On December 2, 1979, Cottingham picked up two sex workers and took them to the Travel Inn (a currently closed hotel on W42nd St west of 10th Ave), assaulting and torturing before brutally murdering them and setting the hotel room on fire. Detectives were dismayed to discover that the victims had been decapitated and their hands had been removed, leaving them nearly impossible to identify.
After authorities displayed the victims’ clothing on mannequins in an attempt to spark public recognition, one of Cottingham’s victims was finally identified by a friend who recognized her outfit. Deedeh Goodarzi — a 22-year-old born in Iran who immigrated to the US with her family as a young child — had been working in the area as a sex worker for several years to make ends meet. The other victim, a teenager, remains unidentified to this day.
Jennifer Weiss, Goodarzi’s biological daughter, only came to know of her mother’s fate after contacting the orphanage from which she was adopted. Weiss reflects — “I think Richard Cottingham was going to kill anywhere, but Times Square in the 70s did not help. For someone like Richard who was a sexual sadist to walk through and see peep shows…the opportunity was there.” The opportunity would indeed remain open for Cottingham — who would shortly go on to torture and murder another young sex worker, Jean Ann Reyner, at Midtown’s Seville Hotel.
While police struggled to link the murders to a suspect, many people interviewed in the documentary were unsurprised at the lack of movement in solving the cases. In addition to the prolific nature of serial killers during Cottingham’s reign of terror (investigative historian Dr Peter Vronsky estimates that 82% of American serial killers in the 20th century were active between 1970-2000), there was a distinct lack of concern for marginalized victims — specifically, sex workers.
“There were predators, people who came specifically to prey on sex workers,” said former Times Square sex worker Veronica Vera. And little was done to prevent assault or care for those being preyed upon. Former sex worker Michael Lawrence, who frequently performed live shows with his wife Brandi, recalled how frequently she alone would bear the brunt of any violence or harassment. “The girls faced a lot of violence because the cops weren’t stopping anything [….] Either you were a victim, or you were a predator.”
Sex workers knew that contacting the police was of significant personal risk — more often than not, police arrested the women who came forward after being assaulted. In addition to a lack of accountability for assault victims, the stamp of having been arrested for sex work created a barrier to leaving the industry — applying for credit, apartments, jobs, and social services was infinitely harder after being arrested on sex work charges. There were even fewer protections and more stigma for queer, trans, and sex workers of color.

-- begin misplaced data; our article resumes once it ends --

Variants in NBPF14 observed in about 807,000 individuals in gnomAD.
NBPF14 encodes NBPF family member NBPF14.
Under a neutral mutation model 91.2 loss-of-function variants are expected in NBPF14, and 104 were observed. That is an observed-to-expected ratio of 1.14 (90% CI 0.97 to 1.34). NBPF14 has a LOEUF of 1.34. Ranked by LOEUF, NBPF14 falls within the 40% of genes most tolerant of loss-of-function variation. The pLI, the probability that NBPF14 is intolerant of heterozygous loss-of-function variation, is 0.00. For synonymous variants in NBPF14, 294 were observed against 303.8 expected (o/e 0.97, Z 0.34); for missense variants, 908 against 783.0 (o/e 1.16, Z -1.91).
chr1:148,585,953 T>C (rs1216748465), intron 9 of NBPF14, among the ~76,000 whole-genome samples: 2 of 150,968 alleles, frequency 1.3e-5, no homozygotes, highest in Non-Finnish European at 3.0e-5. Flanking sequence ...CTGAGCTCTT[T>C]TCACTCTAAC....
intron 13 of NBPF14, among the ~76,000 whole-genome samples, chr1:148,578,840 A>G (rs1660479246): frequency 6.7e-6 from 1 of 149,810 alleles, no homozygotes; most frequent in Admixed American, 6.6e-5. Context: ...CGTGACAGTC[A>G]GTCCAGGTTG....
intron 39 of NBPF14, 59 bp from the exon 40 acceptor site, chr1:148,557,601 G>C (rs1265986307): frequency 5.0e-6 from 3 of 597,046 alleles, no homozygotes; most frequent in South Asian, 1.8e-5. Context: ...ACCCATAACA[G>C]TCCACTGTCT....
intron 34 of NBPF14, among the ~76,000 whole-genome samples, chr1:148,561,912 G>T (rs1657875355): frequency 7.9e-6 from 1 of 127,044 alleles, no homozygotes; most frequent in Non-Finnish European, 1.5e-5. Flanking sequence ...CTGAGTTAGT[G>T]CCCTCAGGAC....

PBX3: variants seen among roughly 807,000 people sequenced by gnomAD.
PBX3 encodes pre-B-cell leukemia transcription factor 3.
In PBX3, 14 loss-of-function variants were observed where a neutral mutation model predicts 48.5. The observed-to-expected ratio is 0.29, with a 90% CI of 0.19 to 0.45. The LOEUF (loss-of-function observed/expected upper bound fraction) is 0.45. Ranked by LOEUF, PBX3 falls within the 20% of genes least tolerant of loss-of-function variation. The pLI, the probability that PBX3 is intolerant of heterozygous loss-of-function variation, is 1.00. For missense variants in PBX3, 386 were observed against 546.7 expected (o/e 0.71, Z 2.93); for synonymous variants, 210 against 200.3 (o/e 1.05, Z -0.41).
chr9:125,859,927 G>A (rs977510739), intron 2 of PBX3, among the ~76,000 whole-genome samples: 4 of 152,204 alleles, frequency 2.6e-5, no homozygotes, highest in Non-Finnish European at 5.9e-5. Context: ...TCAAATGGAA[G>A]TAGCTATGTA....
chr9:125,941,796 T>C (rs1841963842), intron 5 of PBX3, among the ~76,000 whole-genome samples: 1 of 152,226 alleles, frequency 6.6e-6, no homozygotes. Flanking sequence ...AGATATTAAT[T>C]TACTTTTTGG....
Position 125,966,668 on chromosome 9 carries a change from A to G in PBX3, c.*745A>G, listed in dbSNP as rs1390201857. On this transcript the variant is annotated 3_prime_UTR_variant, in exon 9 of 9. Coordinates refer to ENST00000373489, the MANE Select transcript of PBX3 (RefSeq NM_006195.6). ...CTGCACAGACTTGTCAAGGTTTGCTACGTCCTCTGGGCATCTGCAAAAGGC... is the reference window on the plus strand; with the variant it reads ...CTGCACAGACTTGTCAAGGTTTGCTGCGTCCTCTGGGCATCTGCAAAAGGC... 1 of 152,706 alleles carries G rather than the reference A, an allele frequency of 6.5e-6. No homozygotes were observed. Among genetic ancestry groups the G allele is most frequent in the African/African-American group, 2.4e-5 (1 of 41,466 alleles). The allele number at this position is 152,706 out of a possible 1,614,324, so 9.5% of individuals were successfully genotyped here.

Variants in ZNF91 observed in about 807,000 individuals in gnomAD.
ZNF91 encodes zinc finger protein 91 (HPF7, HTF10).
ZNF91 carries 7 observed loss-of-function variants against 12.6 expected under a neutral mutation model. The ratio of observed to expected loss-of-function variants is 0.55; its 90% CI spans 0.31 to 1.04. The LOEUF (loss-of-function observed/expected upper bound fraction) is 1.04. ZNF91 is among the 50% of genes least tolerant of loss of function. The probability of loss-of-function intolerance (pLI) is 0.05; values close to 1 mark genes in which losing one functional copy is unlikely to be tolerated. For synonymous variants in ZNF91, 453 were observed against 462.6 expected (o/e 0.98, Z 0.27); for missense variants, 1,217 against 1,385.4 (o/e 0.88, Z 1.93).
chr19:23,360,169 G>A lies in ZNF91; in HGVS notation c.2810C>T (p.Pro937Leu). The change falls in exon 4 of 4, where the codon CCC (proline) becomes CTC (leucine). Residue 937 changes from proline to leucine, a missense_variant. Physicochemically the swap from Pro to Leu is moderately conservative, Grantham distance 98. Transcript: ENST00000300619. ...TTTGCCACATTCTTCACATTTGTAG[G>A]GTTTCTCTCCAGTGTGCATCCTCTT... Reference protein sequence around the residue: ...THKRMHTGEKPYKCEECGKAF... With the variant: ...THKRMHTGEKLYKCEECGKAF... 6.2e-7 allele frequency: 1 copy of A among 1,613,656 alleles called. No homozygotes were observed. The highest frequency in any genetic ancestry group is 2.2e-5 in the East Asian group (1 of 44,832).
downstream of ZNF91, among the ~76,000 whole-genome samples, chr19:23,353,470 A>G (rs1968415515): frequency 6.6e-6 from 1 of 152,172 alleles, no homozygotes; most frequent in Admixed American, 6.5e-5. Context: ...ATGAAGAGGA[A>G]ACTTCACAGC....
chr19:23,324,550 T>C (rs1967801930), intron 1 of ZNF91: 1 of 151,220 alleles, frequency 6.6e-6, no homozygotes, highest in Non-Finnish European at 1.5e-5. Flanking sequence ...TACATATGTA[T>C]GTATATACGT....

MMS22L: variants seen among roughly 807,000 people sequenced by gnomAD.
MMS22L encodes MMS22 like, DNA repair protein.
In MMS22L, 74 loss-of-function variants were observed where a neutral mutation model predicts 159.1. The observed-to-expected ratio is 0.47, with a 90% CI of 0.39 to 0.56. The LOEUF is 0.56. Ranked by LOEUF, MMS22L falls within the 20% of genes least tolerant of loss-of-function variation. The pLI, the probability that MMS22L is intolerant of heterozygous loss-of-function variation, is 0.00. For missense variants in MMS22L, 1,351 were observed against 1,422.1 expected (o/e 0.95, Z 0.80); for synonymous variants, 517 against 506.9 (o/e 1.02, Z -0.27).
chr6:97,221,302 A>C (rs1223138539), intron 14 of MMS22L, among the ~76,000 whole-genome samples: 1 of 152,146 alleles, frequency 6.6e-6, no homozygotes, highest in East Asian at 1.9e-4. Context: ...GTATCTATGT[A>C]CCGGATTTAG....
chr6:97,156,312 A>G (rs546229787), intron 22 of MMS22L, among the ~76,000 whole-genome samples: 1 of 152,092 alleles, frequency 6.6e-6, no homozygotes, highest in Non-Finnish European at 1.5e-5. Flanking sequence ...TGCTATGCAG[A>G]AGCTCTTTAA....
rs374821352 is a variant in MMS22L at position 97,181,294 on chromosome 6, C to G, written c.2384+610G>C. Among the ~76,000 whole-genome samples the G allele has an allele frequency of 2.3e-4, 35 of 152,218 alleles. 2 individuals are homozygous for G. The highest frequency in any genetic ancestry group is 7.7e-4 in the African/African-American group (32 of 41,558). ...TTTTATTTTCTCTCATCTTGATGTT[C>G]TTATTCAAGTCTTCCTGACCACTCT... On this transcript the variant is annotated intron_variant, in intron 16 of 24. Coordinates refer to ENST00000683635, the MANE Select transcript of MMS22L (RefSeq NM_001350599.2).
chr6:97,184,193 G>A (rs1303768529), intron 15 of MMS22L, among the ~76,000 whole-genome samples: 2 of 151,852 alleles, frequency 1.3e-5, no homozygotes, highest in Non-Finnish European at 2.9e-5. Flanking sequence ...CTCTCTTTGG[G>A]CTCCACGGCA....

This stigma had a direct impact on the investigation of the Times Square Killer case itself. Unbeknownst to investigators in New York, Cottingham had been regularly kidnapping, assaulting, torturing, and murdering women in the state of New Jersey for years. Of the few who survived, some of his victims were sex workers and others weren’t, but all shared the commonality of a reticence to speak to the police.
As Dr. Chateauvert notes, “New York law was particularly onerous — even if the woman could identify the rapist, if you couldn’t get someone to testify having witnessed the rape,” as cases fell flat and women were subjected to intense personal scrutiny. In the case of sex workers who were assaulted, “The policing could be cruel, harsh, and out of step. You wouldn’t tell the police if you’d been assaulted by a john — It’s easier to arrest women than to hunt a serial killer, than to stop muggings, than to do all these other kinds of things — and so people in the sex industry become the victims of police-public relations, to make it look like the cops were being tough on crime.”
Barbara Amaya, trafficked for over 13 years, attests to this. “The johns, the clients, the tricks — were never rounded up.” Even when Amaya had a chilling encounter with Cottingham himself — he took her at gunpoint to the edge of the East River by the Brooklyn Bridge, robbed and assaulted her, and (much to her surprise) let her go — she was reluctant to report it, fearing the repercussions of interaction with authorities. When police eventually approached her with questions about Cottingham, she was afraid to speak up. “If I died, nobody would have ever known who I was.”